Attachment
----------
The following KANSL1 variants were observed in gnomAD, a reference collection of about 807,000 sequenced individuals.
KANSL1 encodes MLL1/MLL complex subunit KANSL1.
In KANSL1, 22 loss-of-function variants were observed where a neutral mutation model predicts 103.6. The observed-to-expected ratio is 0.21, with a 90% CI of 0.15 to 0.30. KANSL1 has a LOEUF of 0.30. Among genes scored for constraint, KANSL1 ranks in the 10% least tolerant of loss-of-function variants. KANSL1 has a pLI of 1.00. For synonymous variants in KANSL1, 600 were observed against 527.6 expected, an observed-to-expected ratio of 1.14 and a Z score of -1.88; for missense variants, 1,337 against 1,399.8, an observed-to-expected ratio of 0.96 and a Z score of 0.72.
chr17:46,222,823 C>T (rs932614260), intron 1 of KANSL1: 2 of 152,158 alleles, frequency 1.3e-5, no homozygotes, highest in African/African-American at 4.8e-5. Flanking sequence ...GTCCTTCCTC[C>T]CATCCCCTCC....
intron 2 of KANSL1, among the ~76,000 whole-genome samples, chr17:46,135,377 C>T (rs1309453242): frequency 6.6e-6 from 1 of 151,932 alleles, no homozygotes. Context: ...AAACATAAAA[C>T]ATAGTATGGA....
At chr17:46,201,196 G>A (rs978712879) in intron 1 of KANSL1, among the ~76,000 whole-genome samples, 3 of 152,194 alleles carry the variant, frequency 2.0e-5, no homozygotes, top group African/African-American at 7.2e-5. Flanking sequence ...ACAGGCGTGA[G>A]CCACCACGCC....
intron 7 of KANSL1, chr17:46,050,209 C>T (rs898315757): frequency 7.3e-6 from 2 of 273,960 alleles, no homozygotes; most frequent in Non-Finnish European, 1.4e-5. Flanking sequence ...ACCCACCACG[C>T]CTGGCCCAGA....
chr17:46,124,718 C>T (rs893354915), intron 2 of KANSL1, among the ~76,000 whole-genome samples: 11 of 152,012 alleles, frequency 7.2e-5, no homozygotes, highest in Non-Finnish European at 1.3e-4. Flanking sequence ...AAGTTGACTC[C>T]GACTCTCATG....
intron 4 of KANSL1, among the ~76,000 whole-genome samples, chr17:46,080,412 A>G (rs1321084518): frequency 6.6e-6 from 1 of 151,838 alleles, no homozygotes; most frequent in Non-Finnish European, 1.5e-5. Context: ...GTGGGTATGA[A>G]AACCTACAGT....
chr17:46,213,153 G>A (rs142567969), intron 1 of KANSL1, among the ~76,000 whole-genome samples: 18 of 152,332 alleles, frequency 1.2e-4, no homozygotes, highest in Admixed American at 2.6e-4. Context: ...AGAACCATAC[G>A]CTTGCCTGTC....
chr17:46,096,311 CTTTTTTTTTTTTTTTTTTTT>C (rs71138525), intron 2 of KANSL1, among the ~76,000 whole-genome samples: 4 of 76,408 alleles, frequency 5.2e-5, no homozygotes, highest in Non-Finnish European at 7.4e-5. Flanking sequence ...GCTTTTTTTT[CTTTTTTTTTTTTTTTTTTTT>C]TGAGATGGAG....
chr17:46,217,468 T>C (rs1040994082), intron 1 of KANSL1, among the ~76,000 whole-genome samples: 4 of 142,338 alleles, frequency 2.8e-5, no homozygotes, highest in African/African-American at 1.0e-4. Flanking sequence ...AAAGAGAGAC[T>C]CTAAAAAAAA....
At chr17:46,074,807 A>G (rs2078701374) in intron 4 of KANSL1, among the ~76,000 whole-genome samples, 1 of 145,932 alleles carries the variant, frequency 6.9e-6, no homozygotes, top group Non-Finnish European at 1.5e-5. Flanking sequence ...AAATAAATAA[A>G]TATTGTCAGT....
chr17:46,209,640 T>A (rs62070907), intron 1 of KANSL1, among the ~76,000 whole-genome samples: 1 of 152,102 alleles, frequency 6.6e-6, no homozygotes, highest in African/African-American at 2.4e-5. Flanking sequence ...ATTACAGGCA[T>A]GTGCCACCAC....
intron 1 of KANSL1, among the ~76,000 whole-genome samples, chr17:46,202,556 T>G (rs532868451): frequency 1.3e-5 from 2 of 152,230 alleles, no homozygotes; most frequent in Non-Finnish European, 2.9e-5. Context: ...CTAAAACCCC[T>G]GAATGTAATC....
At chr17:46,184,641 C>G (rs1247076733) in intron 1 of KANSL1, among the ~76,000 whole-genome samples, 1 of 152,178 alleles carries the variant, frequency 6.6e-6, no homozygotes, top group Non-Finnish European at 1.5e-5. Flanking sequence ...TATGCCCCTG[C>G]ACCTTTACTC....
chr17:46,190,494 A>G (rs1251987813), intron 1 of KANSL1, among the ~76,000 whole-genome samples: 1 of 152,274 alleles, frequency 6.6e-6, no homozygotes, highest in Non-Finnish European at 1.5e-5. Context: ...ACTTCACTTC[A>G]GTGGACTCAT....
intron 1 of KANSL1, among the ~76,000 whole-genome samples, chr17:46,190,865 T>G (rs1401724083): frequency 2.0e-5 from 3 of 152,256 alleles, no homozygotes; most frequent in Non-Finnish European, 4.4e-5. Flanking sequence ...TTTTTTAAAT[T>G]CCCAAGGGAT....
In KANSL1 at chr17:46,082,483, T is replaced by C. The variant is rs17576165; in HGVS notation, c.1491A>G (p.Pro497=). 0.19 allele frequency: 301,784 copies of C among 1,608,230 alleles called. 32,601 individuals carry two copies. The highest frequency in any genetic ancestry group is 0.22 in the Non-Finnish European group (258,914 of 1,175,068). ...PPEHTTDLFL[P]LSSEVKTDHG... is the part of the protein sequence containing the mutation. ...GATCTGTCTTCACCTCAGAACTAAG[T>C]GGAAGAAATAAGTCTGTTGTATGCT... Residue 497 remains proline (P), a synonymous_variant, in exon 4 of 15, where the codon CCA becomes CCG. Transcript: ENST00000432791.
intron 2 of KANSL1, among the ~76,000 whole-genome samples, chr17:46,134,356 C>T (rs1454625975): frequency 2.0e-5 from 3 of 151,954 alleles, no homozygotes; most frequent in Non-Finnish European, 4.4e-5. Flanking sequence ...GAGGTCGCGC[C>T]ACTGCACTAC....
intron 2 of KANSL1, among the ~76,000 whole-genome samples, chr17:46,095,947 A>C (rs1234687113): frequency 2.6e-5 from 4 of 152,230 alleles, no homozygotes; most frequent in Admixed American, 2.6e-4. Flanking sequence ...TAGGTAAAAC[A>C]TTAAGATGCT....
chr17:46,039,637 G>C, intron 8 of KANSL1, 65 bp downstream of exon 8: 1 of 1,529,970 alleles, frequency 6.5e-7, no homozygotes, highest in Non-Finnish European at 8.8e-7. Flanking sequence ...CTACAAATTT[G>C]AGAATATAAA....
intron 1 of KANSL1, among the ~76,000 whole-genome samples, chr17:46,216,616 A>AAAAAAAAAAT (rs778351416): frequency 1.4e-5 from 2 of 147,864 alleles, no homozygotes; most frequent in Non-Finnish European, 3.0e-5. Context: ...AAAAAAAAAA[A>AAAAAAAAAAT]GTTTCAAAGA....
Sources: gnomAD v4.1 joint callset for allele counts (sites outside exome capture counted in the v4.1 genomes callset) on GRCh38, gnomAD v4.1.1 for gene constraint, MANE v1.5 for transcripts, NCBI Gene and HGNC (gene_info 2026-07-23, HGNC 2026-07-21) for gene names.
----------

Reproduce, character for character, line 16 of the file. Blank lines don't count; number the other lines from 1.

At chr17:46,184,641 C>G (rs1247076733) in intron 1 of KANSL1, among the ~76,000 whole-genome samples, 1 of 152,178 alleles carries the variant, frequency 6.6e-6, no homozygotes, top group Non-Finnish European at 1.5e-5. Flanking sequence ...TATGCCCCTG[C>G]ACCTTTACTC....